The Very End Of Seminar 11

I have already indicated the interest to be found in situating, at the level of the subjective status determined as that of the objet a, what, for the past three hundred years, man has defined in science.

Perhaps the features that appear in our time so strikingly in the form of what are more or less correctly called the mass media, perhaps our very relation to the science that ever increasingly invades our field, perhaps all this is illuminated by the reference to those two objects, whose place I have indicated for you in a fundamental tetrad, namely, the voice – partly planeterized, even stratosphereized, by our machinery – and the gaze, whose ever-encroaching character is no less suggestive, for, by so many spectacles, so many phantasies, it is not so much our vision that is solicited, as our gaze that is aroused. But I will leave these features to one side and stress something else that seems to me quite essential.

There is something profoundly masked in the critique of the history that we have experienced. This, re-enacting the most monstrous and supposedly superseded forms of the holocaust, is the drama of Nazism.

I would hold that no meaning given to history, based on Hegeliano-Marxist premises, is capable of accounting for this resurgence – which only goes to show that the offering to obscure gods of an object of sacrifice is something to which few subjects can resist succumbing, as if under some monstrous spell.

Ignorance, indifference, an averting of the eyes may explain beneath what veil this mystery still remains hidden. But for whoever is capable of turning a courageous gaze towards this phenomenon – and, once again, there are certainly few who do not succumb to the fascination of the sacrifice in itself – the sacrifice signifies that, in the object of our desires, we try to find evidence for the presence of the desire of this Other that I call here the dark God.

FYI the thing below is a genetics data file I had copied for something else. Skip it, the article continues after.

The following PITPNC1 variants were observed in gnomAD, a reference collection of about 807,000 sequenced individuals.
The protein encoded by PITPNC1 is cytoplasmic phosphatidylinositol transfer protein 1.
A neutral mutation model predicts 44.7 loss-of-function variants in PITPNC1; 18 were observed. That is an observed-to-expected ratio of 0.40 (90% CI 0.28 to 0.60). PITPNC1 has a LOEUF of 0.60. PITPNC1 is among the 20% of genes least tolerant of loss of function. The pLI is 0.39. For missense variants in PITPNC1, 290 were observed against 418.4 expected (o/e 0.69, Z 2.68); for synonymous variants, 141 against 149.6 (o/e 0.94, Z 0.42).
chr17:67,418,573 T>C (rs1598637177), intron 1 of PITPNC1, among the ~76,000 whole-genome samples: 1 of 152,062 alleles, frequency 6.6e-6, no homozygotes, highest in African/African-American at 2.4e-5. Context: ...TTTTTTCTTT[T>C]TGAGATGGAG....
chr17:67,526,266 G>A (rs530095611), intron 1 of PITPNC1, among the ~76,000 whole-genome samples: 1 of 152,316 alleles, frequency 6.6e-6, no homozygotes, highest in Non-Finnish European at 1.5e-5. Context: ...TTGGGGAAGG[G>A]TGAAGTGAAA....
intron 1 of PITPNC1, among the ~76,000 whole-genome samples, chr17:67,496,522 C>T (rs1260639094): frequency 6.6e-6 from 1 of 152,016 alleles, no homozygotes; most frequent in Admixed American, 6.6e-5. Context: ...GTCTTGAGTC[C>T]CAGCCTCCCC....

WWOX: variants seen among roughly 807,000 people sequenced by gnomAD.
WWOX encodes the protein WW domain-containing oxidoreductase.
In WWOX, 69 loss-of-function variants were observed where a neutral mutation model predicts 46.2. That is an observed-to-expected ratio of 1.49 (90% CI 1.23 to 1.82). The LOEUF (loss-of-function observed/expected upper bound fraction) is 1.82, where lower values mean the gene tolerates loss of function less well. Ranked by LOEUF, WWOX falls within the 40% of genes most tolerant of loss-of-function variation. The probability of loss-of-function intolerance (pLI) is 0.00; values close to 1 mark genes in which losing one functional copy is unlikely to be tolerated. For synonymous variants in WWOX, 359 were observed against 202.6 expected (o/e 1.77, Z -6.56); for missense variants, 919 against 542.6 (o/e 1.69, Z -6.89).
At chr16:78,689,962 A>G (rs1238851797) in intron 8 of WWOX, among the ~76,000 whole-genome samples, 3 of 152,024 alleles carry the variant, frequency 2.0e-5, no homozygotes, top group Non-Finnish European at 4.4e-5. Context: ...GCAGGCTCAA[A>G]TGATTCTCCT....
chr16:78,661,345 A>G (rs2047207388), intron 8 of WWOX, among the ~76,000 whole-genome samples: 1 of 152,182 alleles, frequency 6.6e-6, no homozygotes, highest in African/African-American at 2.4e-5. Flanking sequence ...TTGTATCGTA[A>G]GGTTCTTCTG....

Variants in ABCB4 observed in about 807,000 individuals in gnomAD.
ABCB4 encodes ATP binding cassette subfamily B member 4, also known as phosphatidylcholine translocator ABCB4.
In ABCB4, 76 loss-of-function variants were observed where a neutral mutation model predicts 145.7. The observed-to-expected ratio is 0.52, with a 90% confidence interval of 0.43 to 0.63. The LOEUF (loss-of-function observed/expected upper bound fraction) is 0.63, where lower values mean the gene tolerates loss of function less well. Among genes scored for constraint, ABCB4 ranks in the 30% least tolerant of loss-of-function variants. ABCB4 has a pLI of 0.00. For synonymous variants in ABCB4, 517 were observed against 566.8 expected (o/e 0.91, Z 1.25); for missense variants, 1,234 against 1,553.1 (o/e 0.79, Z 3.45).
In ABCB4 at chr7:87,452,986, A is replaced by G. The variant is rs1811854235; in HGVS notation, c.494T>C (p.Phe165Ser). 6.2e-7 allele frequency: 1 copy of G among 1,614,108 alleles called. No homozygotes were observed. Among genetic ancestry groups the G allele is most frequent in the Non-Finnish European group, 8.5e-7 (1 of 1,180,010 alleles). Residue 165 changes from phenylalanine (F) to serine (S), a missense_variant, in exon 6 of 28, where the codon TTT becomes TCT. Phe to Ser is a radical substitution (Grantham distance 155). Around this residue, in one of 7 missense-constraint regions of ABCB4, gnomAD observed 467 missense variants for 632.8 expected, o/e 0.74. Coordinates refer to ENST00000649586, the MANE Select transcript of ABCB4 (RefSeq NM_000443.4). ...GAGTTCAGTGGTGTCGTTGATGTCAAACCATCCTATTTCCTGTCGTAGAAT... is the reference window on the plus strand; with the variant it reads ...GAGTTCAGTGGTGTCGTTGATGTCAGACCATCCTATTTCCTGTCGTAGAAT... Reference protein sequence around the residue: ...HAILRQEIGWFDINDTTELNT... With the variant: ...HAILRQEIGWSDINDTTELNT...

It is the eternal meaning of the sacrifice, to which no one can resist, unless animated by that faith, so difficult to sustain, which, perhaps, one man alone has been able to formulate in a plausible way – namely, Spinoza, with his Amor intellectualis Dei.

What, quite wrongly, has been thought of in Spinoza as pantheism is simply the reduction of the field of God to the universality of the signifier, which produces a serene, exceptional detachment from human desire. In so far as Spinoza says – desire is the essence of man, and in so far as he institutes this desire in the radical dependence of the universality of the divine attributes, which is possible only through the function of the signifier, in so far as he does this, he obtains that unique position by which the philosopher – and it is no accident that it is a Jew detached from his tradition who embodies it – may be confused with a transcendent love.

This position is not tenable for us. Experience shows us that Kant is more true, and I have proved that his theory of consciousness, when he writes of practical reason, is sustained only by giving a specification of the moral law which, looked at more closely, is simply desire in its pure state, that very desire that culminates in the sacrifice, strictly speaking, of everything that is the object of love in one’s human tenderness – I would say, not only in the rejection of the pathological object, but also in its sacrifice and murder. That is why I wrote Kant avec Sade.

This is the prime example of the eye-opening effect (désillement) that analysis makes possible in relation to the many efforts, even the most noble ones, of traditional ethics.

This is an extreme position, but one that enables us to grasp that man can adumbrate his situation in a field made up of rediscovered knowledge only if he has previously experienced the limit within which, like desire, he is bound. Love, which, it seems to some, I have down-graded, can be posited only in that beyond, where, at first, it renounces its object. This also enables us to understand that any shelter in which may be established a viable, temperate relation of one sex to the other necessitates the intervention – this is what psycho-analysis teaches us – of that medium known as the paternal metaphor.

The analyst’s desire is not a pure desire. It is a desire to obtain absolute difference, a desire which intervenes when, confronted with the primary signifier, the subject is, for the first time, in a position to subject himself to it. There only may the signification of a limitless love emerge, because it is outside the limits of the law, where alone it may live.

Jacques Lacan 1964 Seminar 11, The Four Fundamental Concepts of Psycho-Analysis, page -3

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